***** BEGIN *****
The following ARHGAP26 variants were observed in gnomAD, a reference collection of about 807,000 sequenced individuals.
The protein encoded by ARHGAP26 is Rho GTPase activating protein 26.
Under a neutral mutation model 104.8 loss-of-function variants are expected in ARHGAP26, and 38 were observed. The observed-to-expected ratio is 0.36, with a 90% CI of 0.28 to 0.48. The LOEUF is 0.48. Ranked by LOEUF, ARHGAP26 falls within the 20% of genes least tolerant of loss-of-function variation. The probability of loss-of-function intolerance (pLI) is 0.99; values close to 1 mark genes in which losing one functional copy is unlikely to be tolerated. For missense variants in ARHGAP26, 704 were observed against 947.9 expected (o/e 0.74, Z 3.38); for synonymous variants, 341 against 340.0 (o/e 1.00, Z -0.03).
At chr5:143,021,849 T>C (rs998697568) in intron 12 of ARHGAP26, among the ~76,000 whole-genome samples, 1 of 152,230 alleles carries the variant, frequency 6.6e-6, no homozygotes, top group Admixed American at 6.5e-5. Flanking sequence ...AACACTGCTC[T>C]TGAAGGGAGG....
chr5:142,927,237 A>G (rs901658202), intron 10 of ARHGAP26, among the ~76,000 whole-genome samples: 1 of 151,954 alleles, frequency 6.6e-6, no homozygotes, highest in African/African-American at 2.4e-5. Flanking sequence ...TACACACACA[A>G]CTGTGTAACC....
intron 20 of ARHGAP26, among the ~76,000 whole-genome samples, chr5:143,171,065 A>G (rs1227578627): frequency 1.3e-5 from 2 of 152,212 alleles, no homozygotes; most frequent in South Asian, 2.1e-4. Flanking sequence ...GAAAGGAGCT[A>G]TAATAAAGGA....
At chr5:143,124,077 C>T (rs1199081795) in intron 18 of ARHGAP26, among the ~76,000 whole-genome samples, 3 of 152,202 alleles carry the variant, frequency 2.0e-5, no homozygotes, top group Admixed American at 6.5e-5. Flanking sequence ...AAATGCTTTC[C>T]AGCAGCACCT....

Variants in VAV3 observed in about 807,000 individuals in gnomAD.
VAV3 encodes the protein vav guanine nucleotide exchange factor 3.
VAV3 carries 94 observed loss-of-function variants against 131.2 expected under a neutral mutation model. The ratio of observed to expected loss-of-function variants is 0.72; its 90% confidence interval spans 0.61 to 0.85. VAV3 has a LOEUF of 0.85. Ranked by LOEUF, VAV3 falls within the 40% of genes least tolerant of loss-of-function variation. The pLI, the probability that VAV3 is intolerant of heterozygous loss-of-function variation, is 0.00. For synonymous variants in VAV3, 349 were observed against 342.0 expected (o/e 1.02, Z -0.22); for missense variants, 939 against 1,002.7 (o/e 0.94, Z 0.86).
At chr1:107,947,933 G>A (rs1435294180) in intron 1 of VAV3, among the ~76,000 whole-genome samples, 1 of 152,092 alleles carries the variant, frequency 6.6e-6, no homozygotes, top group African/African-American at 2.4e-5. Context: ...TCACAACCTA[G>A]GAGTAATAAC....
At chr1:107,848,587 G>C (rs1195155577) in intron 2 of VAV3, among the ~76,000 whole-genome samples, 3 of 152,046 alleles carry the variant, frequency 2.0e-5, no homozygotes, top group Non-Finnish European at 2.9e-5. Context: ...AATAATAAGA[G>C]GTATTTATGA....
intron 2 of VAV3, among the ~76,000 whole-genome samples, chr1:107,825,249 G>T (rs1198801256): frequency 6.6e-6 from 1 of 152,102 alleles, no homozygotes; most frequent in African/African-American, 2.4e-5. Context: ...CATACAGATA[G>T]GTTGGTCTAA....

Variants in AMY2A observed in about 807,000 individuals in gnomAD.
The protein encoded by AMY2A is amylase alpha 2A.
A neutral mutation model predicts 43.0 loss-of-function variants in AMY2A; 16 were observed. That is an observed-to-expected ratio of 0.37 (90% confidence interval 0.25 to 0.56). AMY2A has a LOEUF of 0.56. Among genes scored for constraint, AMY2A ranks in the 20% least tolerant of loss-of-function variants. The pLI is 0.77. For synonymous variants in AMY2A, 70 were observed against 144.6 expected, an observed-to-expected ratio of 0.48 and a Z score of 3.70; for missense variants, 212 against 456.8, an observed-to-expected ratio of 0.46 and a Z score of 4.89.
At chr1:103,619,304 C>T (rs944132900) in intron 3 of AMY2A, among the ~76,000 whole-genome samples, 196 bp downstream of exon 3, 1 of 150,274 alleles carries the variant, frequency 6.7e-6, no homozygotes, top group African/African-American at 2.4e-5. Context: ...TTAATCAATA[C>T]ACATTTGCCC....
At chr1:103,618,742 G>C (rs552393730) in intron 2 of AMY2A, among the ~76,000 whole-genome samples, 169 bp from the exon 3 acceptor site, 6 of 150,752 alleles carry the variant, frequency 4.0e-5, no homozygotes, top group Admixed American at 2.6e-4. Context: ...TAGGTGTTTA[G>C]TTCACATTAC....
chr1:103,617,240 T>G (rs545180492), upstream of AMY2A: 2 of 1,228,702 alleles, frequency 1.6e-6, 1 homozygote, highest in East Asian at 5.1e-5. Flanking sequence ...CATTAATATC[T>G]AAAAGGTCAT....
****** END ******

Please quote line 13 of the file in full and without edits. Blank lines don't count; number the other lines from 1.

intron 2 of VAV3, among the ~76,000 whole-genome samples, chr1:107,825,249 G>T (rs1198801256): frequency 6.6e-6 from 1 of 152,102 alleles, no homozygotes; most frequent in African/African-American, 2.4e-5. Context: ...CATACAGATA[G>T]GTTGGTCTAA....